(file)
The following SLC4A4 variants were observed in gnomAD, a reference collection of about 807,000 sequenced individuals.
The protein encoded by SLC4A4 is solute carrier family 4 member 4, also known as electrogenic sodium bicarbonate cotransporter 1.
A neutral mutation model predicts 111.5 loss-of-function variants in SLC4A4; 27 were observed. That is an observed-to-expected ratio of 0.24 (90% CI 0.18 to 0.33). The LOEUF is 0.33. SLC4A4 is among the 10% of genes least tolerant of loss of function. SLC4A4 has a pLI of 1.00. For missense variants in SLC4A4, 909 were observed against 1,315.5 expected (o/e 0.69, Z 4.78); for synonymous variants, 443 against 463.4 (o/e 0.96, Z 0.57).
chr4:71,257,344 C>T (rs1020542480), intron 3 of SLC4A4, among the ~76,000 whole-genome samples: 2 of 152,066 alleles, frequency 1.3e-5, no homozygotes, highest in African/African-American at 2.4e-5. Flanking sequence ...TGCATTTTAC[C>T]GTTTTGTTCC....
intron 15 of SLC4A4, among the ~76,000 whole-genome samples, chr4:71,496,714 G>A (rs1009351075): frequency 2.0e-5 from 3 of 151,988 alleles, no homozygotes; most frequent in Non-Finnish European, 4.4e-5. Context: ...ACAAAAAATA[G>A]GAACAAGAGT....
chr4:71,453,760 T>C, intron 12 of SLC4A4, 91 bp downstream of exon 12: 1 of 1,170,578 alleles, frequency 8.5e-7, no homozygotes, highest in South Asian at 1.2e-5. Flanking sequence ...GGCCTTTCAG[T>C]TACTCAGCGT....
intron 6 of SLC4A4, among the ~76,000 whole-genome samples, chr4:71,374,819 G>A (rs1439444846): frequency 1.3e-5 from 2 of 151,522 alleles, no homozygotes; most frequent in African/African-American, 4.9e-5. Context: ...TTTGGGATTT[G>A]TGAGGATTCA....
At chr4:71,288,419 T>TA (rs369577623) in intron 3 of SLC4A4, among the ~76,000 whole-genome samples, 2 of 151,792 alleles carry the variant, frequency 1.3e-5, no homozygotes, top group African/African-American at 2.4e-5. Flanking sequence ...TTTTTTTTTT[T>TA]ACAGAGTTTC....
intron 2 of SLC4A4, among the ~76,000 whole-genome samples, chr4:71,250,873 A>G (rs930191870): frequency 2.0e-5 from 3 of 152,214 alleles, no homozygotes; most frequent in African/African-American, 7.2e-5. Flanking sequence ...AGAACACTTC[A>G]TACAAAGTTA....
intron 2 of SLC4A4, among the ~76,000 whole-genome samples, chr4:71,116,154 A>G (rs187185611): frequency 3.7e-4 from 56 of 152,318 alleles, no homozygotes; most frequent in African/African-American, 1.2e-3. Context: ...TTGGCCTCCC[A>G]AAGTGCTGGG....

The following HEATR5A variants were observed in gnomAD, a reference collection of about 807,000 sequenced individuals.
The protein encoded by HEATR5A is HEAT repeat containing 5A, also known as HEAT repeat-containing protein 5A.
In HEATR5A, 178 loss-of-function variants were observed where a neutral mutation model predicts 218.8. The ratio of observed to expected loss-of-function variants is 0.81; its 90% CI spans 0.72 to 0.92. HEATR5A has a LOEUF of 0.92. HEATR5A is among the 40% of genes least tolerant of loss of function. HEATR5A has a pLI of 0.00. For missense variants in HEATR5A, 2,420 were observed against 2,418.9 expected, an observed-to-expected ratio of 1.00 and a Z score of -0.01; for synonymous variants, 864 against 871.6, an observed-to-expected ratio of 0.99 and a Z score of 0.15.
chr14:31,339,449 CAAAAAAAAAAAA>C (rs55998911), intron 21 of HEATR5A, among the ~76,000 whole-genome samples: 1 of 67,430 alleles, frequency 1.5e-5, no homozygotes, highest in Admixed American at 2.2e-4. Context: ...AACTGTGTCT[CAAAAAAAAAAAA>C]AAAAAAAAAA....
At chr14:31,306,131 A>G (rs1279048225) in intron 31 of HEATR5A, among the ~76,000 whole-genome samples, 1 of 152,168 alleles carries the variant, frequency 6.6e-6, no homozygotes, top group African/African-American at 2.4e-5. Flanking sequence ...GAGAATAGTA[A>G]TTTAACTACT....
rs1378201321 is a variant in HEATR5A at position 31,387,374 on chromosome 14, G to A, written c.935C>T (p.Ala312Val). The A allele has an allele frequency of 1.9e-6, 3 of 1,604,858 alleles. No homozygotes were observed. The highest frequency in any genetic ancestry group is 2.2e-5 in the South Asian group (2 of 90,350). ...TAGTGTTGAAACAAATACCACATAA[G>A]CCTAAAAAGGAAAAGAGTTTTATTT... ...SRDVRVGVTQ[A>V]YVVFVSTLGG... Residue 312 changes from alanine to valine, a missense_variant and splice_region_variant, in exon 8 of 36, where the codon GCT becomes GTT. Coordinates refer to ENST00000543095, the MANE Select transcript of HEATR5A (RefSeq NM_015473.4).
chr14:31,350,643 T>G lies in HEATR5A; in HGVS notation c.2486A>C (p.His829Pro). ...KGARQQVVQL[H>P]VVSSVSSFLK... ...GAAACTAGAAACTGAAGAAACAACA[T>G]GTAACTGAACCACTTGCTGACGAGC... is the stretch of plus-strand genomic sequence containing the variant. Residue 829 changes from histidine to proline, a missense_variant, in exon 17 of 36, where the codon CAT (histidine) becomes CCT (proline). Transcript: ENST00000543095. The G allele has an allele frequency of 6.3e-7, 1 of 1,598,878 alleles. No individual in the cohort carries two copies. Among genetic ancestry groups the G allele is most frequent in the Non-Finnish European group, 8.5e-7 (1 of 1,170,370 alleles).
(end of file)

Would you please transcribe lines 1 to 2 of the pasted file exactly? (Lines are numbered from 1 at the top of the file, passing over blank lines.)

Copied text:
The following SLC4A4 variants were observed in gnomAD, a reference collection of about 807,000 sequenced individuals.
The protein encoded by SLC4A4 is solute carrier family 4 member 4, also known as electrogenic sodium bicarbonate cotransporter 1.